I think the ideal way to cope with this would be to work one project ahead - work on project X+1 while management thinks you're working on project X. Then when you're asked to schedule project X+1 you'll know exactly how long it takes because you've just finished it. Add in a little extra time in case project X+2 takes longer. I never managed to get to this state, though - mostly because I was continually playing "catch up" and also because we weren't planning sufficiently far ahead that I had any idea what project X+1 would be at the start of project X's officially allotted time.

Adjusting the branch cut

Saturday, September 13th, 2008

The second image in this post was quite popular, so I decided to make a movie out of it.

There aren't really many parameters in the equations used to make this image, though - (the functions are just negative, exponential and logarithm). The colouring is arbitrary but modifying it wouldn't make a very interesting movie. The zoom factor is fairly arbitrary as well but zooming very much in or out would make the image take much longer to render (besides which, zooming movies have been done to death). About the only other arbitrary thing about the image is the choice of branch cut for the logarithm.

This describes a way of adjusting the branch cut in a continuous way, and this is the movie I made by adjusting theta from -4.5 to +4.5 radians:

High quality 640x480 11Mb DivX avi version.

This took about three days to render. I could have done it faster, but my laptop gets uncomfortably warm when both its cores are fully utilized. Also, a problem with Vista networking was causing the other machine I was using to keep getting disconnected from my laptop every few frames.

Cheating in online games

Friday, September 12th, 2008

Many modern online games go to great lengths to try to prevent players from cheating - some of them quite invasive. I hope that in the future our computer systems are architected to make it trivial to subvert such malware, but where does that leave players of on-line games who want to avoid playing against cheaters?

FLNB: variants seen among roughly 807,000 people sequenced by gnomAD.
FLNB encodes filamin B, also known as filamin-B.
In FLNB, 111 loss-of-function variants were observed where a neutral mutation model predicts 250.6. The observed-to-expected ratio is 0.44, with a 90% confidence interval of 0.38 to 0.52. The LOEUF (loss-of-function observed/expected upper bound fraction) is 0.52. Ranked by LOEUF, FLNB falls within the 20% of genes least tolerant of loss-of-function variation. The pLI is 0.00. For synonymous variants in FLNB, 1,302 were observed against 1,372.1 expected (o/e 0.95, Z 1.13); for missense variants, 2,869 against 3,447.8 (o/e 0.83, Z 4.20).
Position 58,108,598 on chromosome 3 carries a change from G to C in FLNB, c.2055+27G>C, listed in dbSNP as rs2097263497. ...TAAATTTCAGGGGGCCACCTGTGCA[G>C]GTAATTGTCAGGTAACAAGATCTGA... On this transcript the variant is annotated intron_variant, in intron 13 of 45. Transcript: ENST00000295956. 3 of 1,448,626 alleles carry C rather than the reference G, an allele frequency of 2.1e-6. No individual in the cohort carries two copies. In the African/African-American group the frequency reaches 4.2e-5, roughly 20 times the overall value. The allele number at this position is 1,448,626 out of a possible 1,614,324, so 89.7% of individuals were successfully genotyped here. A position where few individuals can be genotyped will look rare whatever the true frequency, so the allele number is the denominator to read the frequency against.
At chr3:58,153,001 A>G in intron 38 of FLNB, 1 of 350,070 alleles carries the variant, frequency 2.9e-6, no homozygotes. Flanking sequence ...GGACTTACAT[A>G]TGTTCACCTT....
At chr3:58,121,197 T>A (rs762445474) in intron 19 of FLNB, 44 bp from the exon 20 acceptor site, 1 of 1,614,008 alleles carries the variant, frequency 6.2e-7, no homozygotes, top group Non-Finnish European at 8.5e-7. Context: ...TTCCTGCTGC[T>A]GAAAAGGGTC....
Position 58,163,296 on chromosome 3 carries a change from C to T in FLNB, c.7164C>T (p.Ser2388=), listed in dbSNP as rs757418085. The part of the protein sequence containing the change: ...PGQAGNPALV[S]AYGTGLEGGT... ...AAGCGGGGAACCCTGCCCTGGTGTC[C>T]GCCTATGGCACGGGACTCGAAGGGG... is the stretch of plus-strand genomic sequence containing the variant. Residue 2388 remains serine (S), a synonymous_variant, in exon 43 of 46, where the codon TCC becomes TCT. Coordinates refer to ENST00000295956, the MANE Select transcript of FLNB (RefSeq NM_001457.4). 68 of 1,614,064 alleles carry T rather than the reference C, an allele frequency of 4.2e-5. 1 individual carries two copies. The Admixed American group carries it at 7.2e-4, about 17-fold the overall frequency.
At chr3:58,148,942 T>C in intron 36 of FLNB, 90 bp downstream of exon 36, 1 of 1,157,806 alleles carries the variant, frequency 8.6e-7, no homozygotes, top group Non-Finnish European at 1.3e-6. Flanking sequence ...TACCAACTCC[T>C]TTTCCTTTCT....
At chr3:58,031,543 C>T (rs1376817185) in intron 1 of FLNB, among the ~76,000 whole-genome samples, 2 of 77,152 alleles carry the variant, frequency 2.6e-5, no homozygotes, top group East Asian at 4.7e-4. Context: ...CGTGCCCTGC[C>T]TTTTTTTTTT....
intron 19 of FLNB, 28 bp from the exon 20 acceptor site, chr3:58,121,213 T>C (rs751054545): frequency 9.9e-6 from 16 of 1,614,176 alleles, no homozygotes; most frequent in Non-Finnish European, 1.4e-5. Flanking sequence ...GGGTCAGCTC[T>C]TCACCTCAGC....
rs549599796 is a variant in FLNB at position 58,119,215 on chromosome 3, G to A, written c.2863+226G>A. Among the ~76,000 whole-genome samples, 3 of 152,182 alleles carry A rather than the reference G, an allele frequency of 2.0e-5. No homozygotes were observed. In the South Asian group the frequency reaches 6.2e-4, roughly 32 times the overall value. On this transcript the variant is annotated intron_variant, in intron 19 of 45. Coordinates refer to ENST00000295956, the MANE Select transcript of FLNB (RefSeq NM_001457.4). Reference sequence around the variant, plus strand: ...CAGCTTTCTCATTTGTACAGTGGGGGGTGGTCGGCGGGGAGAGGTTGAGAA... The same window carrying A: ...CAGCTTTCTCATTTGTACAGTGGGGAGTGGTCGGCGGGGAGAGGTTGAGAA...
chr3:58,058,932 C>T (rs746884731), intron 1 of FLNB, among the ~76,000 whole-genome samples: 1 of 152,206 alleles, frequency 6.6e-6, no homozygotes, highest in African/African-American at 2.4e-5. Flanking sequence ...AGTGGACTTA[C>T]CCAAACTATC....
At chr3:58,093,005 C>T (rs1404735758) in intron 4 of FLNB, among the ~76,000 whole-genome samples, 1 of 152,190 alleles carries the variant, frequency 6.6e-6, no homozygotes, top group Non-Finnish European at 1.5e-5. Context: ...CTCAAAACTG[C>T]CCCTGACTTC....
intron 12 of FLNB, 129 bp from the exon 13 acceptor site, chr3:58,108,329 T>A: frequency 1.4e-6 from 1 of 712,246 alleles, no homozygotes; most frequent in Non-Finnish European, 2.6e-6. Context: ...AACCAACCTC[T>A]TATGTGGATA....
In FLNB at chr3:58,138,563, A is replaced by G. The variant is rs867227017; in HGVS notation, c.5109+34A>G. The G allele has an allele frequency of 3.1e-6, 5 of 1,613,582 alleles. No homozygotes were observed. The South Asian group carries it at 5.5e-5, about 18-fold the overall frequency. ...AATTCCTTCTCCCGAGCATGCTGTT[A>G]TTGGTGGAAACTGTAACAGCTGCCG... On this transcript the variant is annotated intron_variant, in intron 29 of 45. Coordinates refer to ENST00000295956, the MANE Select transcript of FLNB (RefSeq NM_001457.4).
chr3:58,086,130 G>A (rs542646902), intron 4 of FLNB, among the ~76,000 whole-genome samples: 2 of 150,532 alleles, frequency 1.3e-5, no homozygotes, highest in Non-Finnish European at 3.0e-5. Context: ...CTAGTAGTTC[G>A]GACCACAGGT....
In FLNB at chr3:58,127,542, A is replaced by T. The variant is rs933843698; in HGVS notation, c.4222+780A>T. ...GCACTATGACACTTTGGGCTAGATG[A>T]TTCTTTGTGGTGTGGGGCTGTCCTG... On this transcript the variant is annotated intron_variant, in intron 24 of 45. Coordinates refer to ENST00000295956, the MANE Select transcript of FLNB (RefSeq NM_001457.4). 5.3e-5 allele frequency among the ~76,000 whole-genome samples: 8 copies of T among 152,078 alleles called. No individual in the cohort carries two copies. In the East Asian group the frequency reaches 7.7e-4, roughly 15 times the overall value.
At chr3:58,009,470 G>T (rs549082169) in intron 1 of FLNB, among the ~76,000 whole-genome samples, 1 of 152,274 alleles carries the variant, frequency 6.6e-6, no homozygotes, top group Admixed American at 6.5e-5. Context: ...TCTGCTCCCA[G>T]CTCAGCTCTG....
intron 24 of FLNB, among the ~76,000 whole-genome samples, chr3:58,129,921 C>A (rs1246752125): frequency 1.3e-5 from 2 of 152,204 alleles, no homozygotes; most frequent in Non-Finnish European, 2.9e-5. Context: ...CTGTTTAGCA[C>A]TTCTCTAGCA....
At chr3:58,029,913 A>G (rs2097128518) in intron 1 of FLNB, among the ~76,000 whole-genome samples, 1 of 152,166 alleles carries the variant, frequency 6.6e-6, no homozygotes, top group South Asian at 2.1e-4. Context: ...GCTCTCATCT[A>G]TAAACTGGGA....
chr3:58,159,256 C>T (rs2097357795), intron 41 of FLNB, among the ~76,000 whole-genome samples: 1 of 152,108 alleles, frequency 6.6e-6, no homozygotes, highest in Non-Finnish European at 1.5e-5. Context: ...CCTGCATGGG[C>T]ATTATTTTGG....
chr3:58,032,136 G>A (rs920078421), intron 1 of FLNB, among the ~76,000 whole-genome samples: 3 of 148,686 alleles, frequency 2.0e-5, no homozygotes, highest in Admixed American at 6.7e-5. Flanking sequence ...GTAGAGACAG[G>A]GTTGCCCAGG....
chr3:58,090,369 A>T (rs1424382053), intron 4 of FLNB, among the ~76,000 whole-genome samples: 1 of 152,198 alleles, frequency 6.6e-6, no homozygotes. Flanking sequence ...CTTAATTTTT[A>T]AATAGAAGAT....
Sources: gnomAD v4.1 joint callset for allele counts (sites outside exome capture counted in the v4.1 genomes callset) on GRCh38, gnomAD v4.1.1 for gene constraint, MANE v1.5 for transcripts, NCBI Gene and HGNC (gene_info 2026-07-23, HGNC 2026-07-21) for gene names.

Well, I hope that in the future, online games are designed in such a way that cheating is impossible - that is, no information sent to a player's computer that would allow them to gain an unfair advantage and no information received from a player's computer is trusted to be untampered-with. In such a game, a player would be allowed to use whatever client software they like, and would be encouraged to use client software that gives them the best odds. Serious golf players pick the clubs that give them the best advantage, tennis players pick the best tennis rackets and so on - why should on-line gaming be any different?

One implication of this is that the best games will be Turing tests of a sort - a game of aiming accurately and reacting quickly won't be much of a challenge since the computer can do those things better than human players. Tasks that humans can do well but computers are poor at will need to be integral to the game.

That's not to say that games of aiming accurately and reacting quickly won't exist, but if they are played online they will be played between people who each other and trust each other not to cheat, not between strangers.

Static scoping improved

Thursday, September 11th, 2008

Many programming languages have a facility (usually called "static") to allow the programmer to declare a variable which is visible only to some particular object but has storage at the program's scope - i.e. its value is the same for all instances of that object and when it changes for one it changes for all the other instances too.

One programming language feature I've never seen (but which I think would be useful) is a generalization of this - the ability to declare a variable which is only visible in a particular object but whose scope is the (lexical) parent object. I call this "outer". For top-level objects, this would be the same as static but for nested classes the scope would be that of the outer class.

One could even use the "outer" keyword multiple times to put the variable in any particular level in the object nesting tree. This doesn't violate encapsulation, since members can still only be declared inside their classes.

If you have "outer" instead of "static" (and maybe a few other more minor tweaks) any program can be turned into an isolated object inside another program - i.e. you can easily turn a program into a multi-instance version of that program with all the instances running in the same process.